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Persephone's Dream - Pan - An Urban Pastoral CD (album) cover


Persephone's Dream


Heavy Prog

3.89 | 95 ratings

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Prog Reviewer
4 stars Come - I'll Sing To You The Chaosong!

Persephone's Dream is a band that has been around for quite a while, but never was fully recognized until the release of this, their fifth studio full-length. With 17 years under their belt, the band has released one of the best progressive rock albums to come out so far in 2010. Pan: An Urban Pastoral not only immerses the listener with its wonderful atmosphere and beauty, it also manages to impress the listener with instrumental prowess, amazing songwriting feats, and a terrific lyrical concept to top it all off. Add in the fact that Persephone's Dream is one of the most unique and original modern symphonic progressive rock acts around, and you have everything that's needed to amaze prog fans. Needless to say, this is not an album that should fall of the radar of any prog rock listener.

One thing that really amazed me about Pan: An Urban Pastoral was the incredible amount of patience it took to appreciate. When I first heard the album, I honestly wasn't too impressed. Luckily, a good 7 listens proved my lukewarm first impressions completely false. Although the album can be incredibly hard to digest at first, it's all worth it in the end. What once came across as a drawn out, pompous, and inconsistent collection of songs soon became a terrific, unique, and beautiful conceptual work of art. Although a there are a few (albeit small) moments of weakness throughout the album, the vast majority of this work is nothing short of incredible. The 70's symphonic prog style that is utilized throughout this album really helps give Persephone's Dream a stable foundation, but avant garde, heavy rock, folk, and Celtic influences give the band their own sound in an often extremely derivative genre.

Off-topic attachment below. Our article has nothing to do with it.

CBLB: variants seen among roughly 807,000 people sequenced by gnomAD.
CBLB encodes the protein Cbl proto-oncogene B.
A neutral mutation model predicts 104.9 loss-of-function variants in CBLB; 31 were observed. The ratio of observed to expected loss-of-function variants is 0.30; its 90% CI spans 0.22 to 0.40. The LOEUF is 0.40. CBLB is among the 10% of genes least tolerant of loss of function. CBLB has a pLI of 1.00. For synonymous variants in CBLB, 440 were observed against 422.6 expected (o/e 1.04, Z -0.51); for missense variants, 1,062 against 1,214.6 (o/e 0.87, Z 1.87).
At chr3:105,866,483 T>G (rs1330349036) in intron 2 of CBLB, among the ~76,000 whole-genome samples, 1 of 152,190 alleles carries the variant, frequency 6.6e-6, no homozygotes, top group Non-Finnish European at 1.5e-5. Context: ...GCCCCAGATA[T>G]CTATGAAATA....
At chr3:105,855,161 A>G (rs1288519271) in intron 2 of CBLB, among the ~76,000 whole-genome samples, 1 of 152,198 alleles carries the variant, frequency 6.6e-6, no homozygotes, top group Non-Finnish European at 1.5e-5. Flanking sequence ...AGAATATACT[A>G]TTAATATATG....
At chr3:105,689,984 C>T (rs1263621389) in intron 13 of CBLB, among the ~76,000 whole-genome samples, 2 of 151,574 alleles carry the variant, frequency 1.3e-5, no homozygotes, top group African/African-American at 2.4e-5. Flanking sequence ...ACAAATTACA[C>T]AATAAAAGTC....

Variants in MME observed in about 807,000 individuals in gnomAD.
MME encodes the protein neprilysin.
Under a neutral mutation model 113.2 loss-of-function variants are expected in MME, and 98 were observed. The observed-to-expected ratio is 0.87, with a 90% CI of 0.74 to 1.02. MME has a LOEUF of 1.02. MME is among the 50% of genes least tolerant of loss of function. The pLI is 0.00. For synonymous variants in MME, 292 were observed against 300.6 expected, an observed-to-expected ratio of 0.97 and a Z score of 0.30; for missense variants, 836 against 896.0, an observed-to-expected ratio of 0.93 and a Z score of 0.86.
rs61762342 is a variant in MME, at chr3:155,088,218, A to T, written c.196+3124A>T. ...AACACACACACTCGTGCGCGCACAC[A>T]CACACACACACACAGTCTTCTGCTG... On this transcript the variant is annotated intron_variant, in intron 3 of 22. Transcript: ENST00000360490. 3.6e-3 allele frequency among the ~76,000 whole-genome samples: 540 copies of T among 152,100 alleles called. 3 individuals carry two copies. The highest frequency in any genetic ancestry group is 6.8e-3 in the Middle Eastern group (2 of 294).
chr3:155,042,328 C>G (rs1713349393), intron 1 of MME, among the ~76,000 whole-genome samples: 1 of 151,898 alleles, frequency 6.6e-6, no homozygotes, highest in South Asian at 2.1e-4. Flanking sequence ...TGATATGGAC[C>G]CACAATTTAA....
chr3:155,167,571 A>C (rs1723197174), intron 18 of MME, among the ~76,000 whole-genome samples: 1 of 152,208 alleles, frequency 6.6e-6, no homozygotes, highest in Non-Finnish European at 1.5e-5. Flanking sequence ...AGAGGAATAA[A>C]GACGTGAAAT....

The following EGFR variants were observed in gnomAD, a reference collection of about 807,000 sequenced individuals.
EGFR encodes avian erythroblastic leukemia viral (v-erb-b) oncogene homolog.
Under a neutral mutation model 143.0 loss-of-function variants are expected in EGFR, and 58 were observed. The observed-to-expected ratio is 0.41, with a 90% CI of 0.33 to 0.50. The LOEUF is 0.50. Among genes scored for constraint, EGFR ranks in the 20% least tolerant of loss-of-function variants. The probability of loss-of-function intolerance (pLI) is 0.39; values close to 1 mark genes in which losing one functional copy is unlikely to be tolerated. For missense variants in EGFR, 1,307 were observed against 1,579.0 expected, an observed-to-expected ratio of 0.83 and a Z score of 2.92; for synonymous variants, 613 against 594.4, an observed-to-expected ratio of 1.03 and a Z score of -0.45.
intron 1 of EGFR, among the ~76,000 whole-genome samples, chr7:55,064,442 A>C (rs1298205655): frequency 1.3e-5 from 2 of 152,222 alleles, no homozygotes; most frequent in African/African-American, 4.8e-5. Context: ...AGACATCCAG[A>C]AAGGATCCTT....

As I mentioned earlier, Pan: An Urban Pastoral is amazingly consistent for an album of almost 70 minutes. There are a few moments that have weak melodies (notably in Nectar Of The Gods), but when I say moments I really do mean moments. Although there is a weak melody or two in the aforementioned track, it doesn't last for very long and soon returns to more strong music. I' m going to refrain from mentioning any other tracks simply because I want to emphasize that this entire album NEEDS to be listened to as one big long song. The relatively short songs typically aren't great as standalones, but that definitely changes when you hear the entire concept from beginning to end!

The musicianship is great on Pan: An Urban Pastoral. All of the musicians definitely know what they're doing, and they do it exceptionally well! I especially have to applaud keyboardist Jim Waugaman for his keyboard talents, but also for his terrific vocal pipes. The frequent vocal tradeoffs between himself and Ashley Peer add a lot of variation into Persephone's Dream's music.

The production is really good, although a bit of an acquired taste. It's much more raw and unpolished than most modern prog is, but that's a good thing in my opinion. The over-produced sound of almost all modern prog bands is really starting to bother me, so it's great to hear a band like Persephone's Dream who isn't afraid to go against the norm. The production has a distinct 70's sound throughout the album.


Pan: An Urban Pastoral is a fantastic 5th album by Persephone's Dream. After such a successful and enjoyable concept album, I simply cannot wait to hear where the band goes in the future. My rating will be 4 stars for a unique, enjoyable, and creative progressive rock release. If you like symphonic prog but not the really cheesy and derivative kind, I can't recommend this album enough!

J-Man | 4/5 |


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